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Mundle v. Lowe

United States District Court, M.D. Pennsylvania

October 23, 2019

DWIGHT GEORGE MUNDLE, Petitioner,
v.
CRAIG LOWE, et al., Respondents.

          MEMORANDUM

          A. Richard Caputo United States District Judge.

         Presently before me are a Rule 60(b) Motion for Relief from Judgment/Motion to Enforce (Doc. 16) and a Supplemental Motion to Enforce Court's Prior Order (Doc. 23) both filed by Petitioner Dwight George Mundle (“Mr. Mundle” or “Petitioner”). For the reasons that follow, the motions will be denied.

         I. Background

         The pertinent factual background, as set forth in my January 29, 2018 opinion granting in part and denying in part Petitioner's Petition for Writ of Habeas Corpus pursuant to 28 U.S.C. § 2241, is as follows:

Mr. Mundle, a native and citizen of Jamaica, last entered the United States at New York, New York, on July 13, 2000, as a non-immigrant visitor. Although Mr. Mundle claimed previous entry to the United States on a student visa in 1999, immigrations officials could not verify this claim. He has never been a Lawful Permanent Resident of the United States.
[Immigration and Customs Enforcement (“ICE”)] officials encountered Mr. Mundle at FCI-Allenwood while he was serving a twenty-seven month sentence following a July 13, 2016 conviction in the United States District Court, Southern District of New York, for transmitting a threat in interstate commerce in violation of 18 U.S.C. § 875(c). In addition to the conviction he was serving, Mr. Mundle had compiled several other criminal convictions including conspiracy to distribute and possess with intent to distribute controlled substances (marijuana) and aiding and abetting the discharge of a firearm. A 41 month term of imprisonment was imposed by the United States District Court, Southern District of New York.
On January 5, 2017, the same day Mr. Mundle was taken into ICE custody, ICE officials issued a Notice of Intent to Issue a Final Administrative Removal Order charging Mr. Mundle as removable from the United States pursuant to Section 237(a)(2)(A)(iii) of the INA based on his conviction for an aggravated felony as defined in Section 101(a)(43) of the INA. On January 30, 2017, Mr. Mundle was served with a Final Administrative Removal Order. In relevant part, the Order states:
I find that you are not a citizen or national of the United States and that you are not lawfully admitted for permanent residence. I further find that you have a final conviction for an aggravated felony as defined in section 101(a)(43)(B) of the Immigration and Nationality Act (Act) as amended, 8 U.S.C. 1101(a)(43)(B), and are ineligible for any relief from removal that the Secretary of Homeland Security, may grant in an exercise of discretion. I further find that the administrative record established by clear, convincing, and unequivocal evidence that you are deportable as an alien convicted of an aggravated felon pursuant to section 237(a)(2)(A)(iii) of the Act, 8 U.S.C. 1227(a)(2)(A)(iii) . . . I find you deportable as charged and order that you be removed from the United States to Jamaica or to any alternative country prescribed in section 241 of the Act.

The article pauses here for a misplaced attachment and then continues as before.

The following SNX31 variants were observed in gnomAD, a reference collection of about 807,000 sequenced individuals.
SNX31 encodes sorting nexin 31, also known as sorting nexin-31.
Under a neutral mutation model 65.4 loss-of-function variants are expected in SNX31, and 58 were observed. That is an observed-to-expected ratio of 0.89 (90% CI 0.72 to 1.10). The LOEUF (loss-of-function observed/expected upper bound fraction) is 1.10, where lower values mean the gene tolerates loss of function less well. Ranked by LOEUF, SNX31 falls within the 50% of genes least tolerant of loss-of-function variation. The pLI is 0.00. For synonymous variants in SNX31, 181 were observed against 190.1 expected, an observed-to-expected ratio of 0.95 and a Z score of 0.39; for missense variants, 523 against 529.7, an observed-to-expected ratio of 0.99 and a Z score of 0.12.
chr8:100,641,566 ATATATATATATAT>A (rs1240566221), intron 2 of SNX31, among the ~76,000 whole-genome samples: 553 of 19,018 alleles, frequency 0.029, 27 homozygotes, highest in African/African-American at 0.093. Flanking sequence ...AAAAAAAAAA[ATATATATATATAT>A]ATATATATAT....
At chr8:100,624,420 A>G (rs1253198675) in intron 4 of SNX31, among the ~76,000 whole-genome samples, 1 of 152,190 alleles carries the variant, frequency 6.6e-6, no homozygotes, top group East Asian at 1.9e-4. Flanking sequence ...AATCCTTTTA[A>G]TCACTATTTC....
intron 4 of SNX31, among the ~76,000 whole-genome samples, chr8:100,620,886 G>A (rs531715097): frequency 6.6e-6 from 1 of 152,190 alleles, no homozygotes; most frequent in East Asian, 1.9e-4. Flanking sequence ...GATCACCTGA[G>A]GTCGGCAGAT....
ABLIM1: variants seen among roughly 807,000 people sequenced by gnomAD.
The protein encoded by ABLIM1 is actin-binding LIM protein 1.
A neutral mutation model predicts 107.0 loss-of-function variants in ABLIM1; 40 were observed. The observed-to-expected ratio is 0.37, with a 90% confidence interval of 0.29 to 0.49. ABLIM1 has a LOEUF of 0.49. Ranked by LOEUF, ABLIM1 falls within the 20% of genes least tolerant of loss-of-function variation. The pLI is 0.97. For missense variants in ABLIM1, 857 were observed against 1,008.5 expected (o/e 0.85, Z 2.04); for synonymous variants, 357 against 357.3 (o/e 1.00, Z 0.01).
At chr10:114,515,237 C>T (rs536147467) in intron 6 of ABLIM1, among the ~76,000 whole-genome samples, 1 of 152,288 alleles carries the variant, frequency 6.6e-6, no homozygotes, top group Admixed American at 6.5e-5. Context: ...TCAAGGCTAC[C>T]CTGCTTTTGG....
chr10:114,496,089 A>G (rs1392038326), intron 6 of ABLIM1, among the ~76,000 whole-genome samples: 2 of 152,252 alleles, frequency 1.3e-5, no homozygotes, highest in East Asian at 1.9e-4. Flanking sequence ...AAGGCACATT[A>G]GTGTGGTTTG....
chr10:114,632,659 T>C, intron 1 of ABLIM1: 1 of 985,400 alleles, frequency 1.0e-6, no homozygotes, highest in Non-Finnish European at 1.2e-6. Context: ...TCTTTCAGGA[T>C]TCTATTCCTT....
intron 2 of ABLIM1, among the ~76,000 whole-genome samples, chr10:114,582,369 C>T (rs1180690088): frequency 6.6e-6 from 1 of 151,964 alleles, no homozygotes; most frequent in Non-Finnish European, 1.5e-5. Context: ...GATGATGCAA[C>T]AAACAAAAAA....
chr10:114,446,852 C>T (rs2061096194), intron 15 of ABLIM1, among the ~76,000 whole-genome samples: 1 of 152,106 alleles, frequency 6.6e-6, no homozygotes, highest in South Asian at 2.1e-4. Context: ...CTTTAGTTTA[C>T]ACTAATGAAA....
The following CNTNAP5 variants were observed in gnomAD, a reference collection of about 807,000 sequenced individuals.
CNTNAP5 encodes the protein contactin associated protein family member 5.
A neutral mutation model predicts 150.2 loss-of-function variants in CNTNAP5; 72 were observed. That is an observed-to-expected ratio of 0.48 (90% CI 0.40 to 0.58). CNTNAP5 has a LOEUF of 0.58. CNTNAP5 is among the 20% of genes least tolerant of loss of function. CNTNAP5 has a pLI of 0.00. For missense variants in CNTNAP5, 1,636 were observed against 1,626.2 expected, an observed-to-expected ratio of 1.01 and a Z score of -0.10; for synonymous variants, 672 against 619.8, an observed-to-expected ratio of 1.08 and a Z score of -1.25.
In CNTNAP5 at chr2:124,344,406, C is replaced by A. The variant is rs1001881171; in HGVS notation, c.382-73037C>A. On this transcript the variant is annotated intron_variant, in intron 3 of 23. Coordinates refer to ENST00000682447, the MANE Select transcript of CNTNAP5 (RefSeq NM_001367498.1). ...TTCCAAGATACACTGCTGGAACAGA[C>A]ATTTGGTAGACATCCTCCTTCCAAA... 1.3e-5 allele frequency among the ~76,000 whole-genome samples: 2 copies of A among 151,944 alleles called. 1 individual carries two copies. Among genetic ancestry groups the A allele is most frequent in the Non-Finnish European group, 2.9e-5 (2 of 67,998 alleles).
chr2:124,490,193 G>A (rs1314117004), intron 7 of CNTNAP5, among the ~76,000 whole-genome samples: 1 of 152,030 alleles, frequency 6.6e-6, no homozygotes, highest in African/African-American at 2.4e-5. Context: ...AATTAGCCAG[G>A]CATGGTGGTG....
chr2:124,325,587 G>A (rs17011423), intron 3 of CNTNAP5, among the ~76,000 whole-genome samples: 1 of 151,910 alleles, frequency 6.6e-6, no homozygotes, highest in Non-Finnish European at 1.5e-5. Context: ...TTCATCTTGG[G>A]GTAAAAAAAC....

On May 16, 2017, noting that Mr. Mundle was “IN WITHHOLDING-ONLY PROCEEDINGS, ” an IJ denied Petitioner's application for deferral of removal under the Convention Against Torture. Petitioner appealed the IJ's decision to the Board of Immigration Appeals (BIA). On October 20, 2017, the BIA dismissed Petitioner's appeal.
On October 27, 2017, Mr. Mundle filed a Petition for Review with the United States Court of Appeals for the Third Circuit and requested a stay of his removal order. The same day the Third Circuit Court of Appeals granted Mr. Mundle a temporary stay of removal until the Court could “consider [Mr. Mundle's] motion for a stay of removal.” . . .

(Doc. 14, 2-5 (internal citations and footnotes omitted)).

         After being taken into ICE custody, Petitioner filed a § 2241 petition on August 16, 2017. (See Doc. 1, generally). On January 29, 2018, I granted the petition insofar as Petitioner requested an individualized bond hearing, but the petition was denied to the extent Petitioner sought immediate release from detention. (See Doc. 14, ¶¶ 1-2). In so doing, I noted that Petitioner had been convicted of an aggravated felony as defined by 8 U.S.C. § 1227(a)(2)(A)(iii), so his pre-final order detention was governed by 8 U.S.C. § 1226(c). (See Doc. 13, 5). And, finding Petitioner at that time had been subject to mandatory detention for over a year, I concluded that Petitioner was entitled to an individualized bond hearing before an Immigration Judge (“IJ”) in accordance with Diop v. ICE/Homeland Security, 656 F.3d 221, 233 (3d Cir. 2011). (See id. at 7).[1]

         A bond hearing was held before an IJ on February 8, 2018. (See Doc. 18, Ex. “1”). The IJ denied bond to Petitioner, explaining that “the fact that [Petitioner] has already exhausted one level of appeals, coupled with his outstanding order of removal, gives the Court considerable pause regarding Respondent's willingness to wait out the Third Circuit's ruling and appear for any future proceedings.” (Id. at 4).

         Petitioner then filed the instant Rule 60(b) motion/motion to enforce. (See Doc. 16, generally). Specifically, Petitioner contends that the IJ applied the incorrect standard when determining that he was a flight risk. (See id. at 2). As a result, Petitioner requests that I hold a new bail hearing and ...


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